# Delaunay Triangulation Splitter

## By Alan Pierce

Add red and blue points to the area below, and then hit enter and follow the
instructions to step through an algorithm that finds the Delaunay
triangulation of just the red points and the Delaunay triangulation of just the
blue points.

## Algorithm Explanation

The basic idea of the algorithm is to use the known Delaunay triangulation to
speed up the point location step. Since the point location is in a certain sense
the hardest part of the incremental Delaunay triangulation algorithm, the
speedup allows the algorithm to run in linear time.
The algorithm is recursive, and proceeds as follows:

- Pick two points at random (they may or may not be the same color).
- From each chosen point, independently, run a search for the nearest
neighbor of the same color. Stop when either of the two searches succeeds, and
use that result. This search can be done by running a Dijkstra-like algorithm on
the given Delaunay triangulation. It can be shown that this step takes expected constant
time, in part because two points were chosen for the search instead of one. Once
the search finishes, ignore the other point; we now have a single randomly
chosen point and we have its nearest neighbor. Call this chosen point p and its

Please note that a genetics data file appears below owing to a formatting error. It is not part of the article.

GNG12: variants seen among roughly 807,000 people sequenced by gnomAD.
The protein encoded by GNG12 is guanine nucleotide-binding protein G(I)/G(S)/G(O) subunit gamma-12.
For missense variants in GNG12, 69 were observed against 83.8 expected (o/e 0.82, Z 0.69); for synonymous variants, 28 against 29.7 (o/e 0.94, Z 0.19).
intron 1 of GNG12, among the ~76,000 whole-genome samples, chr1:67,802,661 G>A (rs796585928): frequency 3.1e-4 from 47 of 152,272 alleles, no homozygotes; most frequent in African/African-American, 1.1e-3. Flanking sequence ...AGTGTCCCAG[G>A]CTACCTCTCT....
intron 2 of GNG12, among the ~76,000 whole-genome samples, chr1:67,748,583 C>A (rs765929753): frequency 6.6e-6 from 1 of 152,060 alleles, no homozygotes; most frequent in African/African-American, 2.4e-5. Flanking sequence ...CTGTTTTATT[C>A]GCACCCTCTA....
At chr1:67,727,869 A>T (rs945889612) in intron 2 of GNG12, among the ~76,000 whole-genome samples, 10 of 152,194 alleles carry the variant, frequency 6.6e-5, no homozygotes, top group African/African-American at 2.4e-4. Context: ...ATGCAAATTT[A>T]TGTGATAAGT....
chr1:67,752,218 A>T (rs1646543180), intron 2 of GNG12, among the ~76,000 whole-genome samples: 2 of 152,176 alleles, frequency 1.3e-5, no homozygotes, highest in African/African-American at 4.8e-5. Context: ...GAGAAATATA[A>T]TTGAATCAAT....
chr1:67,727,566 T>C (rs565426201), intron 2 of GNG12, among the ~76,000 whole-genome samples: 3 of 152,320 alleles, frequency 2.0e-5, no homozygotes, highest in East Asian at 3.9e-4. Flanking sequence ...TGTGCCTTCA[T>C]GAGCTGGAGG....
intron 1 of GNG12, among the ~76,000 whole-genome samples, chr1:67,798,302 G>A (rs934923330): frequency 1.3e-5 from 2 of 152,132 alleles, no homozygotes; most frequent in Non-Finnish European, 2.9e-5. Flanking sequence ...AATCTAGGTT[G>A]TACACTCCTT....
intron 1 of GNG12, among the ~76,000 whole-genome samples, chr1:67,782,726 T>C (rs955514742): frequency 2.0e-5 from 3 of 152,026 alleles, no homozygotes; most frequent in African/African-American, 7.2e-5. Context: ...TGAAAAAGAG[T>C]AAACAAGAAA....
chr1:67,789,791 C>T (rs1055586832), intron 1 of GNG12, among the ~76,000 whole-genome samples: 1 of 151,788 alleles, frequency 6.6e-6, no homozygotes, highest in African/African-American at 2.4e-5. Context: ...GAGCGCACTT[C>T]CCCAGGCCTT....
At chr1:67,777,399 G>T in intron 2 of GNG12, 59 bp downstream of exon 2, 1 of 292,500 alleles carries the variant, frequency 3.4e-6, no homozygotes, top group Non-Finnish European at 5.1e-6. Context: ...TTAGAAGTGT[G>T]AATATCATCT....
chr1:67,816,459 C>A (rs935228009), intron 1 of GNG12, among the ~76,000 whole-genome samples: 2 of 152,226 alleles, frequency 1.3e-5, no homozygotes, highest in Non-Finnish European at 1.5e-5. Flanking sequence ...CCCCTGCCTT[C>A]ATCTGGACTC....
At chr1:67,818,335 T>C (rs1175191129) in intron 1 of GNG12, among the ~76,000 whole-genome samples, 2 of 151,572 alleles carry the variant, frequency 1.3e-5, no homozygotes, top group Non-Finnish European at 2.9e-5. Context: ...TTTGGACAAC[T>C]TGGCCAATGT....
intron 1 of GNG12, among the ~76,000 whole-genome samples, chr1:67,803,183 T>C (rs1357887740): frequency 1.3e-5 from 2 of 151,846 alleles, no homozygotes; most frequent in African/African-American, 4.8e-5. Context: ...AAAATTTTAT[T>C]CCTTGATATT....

nearest neighbor q.
- Remove p, and compute the Delaunay triangulation of the new
set of red and blue points. This can be done in time O(deg(p)) time, which is
expected O(1).
- Recursively split the remaining triangulation in linear time.
- We know that q is in the same triangulation where we want to insert p,
because q and p are the same color. Search all triangles adjacent to q, and test
to see if p is in each one. This takes time proportional to the degree of q,
which can be shown to be constant in expectation, so this step takes expected constant
time.
- Insert p into this triangle, and apply Delaunay flips until the
triangulation is Delaunay, using the usual method of the incremental algorithm.
This step also takes expected constant time.

The complete algorithm, and its analysis, are described in the paper
"Splitting a Delaunay Triangulation in Linear Time", by B. Chazelle,
O. Devillers, F. Hurtado, M. Mora, V. Sacristan, and M. Teillaud.